• Child with behavioural difficulties. Assessing these children requires patience, a quiet environment and finding out from carers when is the best time of the day for an assessment.

Gordon Dutton and his team at the Royal Hospital for Sick Children, Glasgow have developed the Visual Skills Inventory, which can be a useful basis for taking a structured history.2 For children with profound motor and/or intellectual impairments, the shorter version of this inventory (the Short Visual Skills Questionnaire3, adapted by the Vision Science Research Group at Ulster University) is useful. It contains questions such as:

  • Does she know and recognise your face? Other peoples’ faces?
  • Does he react to you approaching him?
  • Does she react to a light being switched on?
  • Does he screw up his eyes in bright light?
  • Does she return your silent smile?
  • Does he reach for objects? What size?
  • Is she aware of a spoonful of food coming towards her mouth? From both sides?
  • Does his vision seem better in bright or dim light?

For children with less profound disability and better vision it is often possible to take a more detailed history, looking for evidence of visual-perceptual problems.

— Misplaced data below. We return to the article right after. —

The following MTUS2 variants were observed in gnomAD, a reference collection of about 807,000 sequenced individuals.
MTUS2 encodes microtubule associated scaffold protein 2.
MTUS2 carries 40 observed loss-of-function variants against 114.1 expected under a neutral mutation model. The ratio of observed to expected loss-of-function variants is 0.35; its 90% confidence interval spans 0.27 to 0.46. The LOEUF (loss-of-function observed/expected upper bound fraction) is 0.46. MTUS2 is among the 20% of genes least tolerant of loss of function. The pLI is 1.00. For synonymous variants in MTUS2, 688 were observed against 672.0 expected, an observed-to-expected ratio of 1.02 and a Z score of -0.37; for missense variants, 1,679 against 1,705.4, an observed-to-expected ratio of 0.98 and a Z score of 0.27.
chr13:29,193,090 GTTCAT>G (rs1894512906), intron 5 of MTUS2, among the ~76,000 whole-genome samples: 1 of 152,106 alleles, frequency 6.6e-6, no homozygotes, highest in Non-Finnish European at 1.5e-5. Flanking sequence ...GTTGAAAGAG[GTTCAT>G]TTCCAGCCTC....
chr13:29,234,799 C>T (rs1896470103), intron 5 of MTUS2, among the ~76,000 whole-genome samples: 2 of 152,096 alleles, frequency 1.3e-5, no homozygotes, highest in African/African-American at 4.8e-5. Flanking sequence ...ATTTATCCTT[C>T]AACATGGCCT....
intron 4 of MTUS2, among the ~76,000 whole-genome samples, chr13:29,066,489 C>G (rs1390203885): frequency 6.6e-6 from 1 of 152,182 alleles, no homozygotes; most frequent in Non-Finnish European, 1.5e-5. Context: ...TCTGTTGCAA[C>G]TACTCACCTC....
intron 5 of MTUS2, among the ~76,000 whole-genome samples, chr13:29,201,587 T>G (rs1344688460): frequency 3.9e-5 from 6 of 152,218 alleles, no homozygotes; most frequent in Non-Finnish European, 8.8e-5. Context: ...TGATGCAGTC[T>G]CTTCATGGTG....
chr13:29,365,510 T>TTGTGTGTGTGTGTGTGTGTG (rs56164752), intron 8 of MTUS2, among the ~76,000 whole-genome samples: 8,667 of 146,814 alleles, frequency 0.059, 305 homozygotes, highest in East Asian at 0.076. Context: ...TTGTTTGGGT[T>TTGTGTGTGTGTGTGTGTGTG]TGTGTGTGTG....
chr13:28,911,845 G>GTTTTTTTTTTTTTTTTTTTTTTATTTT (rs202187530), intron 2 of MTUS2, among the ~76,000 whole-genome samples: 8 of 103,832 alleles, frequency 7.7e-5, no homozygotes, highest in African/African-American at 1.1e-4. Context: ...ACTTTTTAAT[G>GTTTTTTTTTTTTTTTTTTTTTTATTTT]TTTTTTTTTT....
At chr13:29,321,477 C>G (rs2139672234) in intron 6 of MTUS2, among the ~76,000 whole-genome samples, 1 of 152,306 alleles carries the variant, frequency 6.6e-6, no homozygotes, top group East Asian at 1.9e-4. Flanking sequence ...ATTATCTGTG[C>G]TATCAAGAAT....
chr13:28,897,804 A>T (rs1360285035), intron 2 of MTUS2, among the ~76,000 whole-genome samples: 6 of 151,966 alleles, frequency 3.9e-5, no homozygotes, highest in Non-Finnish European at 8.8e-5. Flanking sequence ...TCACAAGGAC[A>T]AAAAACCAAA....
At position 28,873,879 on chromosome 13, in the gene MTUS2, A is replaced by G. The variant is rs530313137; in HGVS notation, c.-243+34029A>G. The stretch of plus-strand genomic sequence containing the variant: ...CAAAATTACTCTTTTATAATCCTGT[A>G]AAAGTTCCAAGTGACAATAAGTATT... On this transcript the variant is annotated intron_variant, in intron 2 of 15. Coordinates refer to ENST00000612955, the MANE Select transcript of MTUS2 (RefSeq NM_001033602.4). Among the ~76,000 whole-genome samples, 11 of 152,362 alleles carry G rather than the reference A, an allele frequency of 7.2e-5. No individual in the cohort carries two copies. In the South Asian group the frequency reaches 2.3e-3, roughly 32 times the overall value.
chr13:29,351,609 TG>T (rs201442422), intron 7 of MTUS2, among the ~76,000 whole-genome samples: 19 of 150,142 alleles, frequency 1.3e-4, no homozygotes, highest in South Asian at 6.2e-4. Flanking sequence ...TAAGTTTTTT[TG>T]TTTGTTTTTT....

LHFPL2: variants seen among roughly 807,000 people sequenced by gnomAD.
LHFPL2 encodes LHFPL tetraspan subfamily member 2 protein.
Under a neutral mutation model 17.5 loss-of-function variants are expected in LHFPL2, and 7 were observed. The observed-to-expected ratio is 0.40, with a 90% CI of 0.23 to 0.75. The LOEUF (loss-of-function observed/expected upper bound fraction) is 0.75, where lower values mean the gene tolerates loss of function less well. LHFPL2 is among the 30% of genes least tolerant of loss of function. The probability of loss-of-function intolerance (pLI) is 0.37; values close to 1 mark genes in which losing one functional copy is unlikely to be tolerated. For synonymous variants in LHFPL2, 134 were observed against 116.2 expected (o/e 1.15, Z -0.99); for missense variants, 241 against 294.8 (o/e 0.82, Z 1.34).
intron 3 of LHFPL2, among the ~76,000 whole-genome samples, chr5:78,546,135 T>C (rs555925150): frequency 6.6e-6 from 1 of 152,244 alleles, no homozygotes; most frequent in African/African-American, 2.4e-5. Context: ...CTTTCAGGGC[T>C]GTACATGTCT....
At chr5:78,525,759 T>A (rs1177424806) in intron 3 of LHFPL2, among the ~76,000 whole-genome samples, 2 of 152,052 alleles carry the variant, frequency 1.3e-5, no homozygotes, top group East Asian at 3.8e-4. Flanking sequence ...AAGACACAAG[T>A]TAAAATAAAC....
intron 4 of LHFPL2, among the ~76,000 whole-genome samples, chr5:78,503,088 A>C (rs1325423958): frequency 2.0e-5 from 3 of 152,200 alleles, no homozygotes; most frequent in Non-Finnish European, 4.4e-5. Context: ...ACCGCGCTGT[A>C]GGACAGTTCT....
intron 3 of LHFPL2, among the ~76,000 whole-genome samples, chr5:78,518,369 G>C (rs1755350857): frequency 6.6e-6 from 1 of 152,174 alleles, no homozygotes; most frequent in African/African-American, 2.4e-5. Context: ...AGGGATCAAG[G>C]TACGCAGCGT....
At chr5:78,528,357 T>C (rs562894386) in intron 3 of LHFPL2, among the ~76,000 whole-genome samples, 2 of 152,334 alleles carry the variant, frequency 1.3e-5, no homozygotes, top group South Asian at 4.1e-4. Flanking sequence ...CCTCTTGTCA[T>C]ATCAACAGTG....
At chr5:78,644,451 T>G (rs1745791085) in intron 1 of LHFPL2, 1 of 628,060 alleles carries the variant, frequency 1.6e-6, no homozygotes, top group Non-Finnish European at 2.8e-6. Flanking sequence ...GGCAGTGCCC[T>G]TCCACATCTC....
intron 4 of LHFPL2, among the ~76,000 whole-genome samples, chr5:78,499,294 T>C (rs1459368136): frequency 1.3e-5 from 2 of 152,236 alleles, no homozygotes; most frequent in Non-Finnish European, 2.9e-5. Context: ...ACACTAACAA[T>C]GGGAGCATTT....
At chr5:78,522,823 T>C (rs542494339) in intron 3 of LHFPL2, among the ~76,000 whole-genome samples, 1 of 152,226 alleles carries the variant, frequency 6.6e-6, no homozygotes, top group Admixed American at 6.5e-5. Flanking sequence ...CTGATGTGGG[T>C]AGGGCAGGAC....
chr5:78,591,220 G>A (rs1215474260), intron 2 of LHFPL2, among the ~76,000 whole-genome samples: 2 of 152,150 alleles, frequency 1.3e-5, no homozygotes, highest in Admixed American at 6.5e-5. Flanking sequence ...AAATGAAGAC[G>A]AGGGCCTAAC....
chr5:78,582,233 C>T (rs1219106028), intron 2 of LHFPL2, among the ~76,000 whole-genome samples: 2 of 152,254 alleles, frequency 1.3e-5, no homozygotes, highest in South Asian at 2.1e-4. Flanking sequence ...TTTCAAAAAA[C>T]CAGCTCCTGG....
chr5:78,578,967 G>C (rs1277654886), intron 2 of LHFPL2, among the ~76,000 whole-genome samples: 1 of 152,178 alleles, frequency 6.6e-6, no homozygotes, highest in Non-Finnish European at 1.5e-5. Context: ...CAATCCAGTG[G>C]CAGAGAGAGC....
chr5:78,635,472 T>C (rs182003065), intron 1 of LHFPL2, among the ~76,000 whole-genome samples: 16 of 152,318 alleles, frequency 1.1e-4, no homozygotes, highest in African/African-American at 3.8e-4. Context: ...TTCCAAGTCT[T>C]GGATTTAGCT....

For these patients, the full Visual Skills Inventory3 is helpful. It is longer with 53 questions and is useful for older and less profoundly disabled children. It has been shown to be reliable and has been used effectively in the UK4 and in Bangladesh5 to elicit problems with higher visual function in disabled children.

The inventory can be particularly helpful for children with a mild disability (motor or intellectual), and often with good visual acuity, who seem to have a lot of trouble visually processing the real, busy, crowded, moving world. Their problems can include difficulty finding objects or recognising faces, difficulty walking on uneven ground, and difficulty seeing moving objects.

Once their problems are better understood, suggestions can be made on how the impact can be minimised to improve the quality of life of these children and their carers. The Visual Skills Questionnaire now has specific recommendations3 for adapting the environment and behaviour of the child both at home and at school, depending on the answers given. The family or carers will therefore have a set of recommendations which are tailored to the particular needs of their child.

For example, if a child cannot recognise faces, the parent can agree to wear clothes of a particular colour when meeting them outside school. If there is loss of vision in the lower field and poor visual control of the legs, then a child is taught to stop and look down before negotiating rough ground or steps. Such simple changes can be surprisingly effective.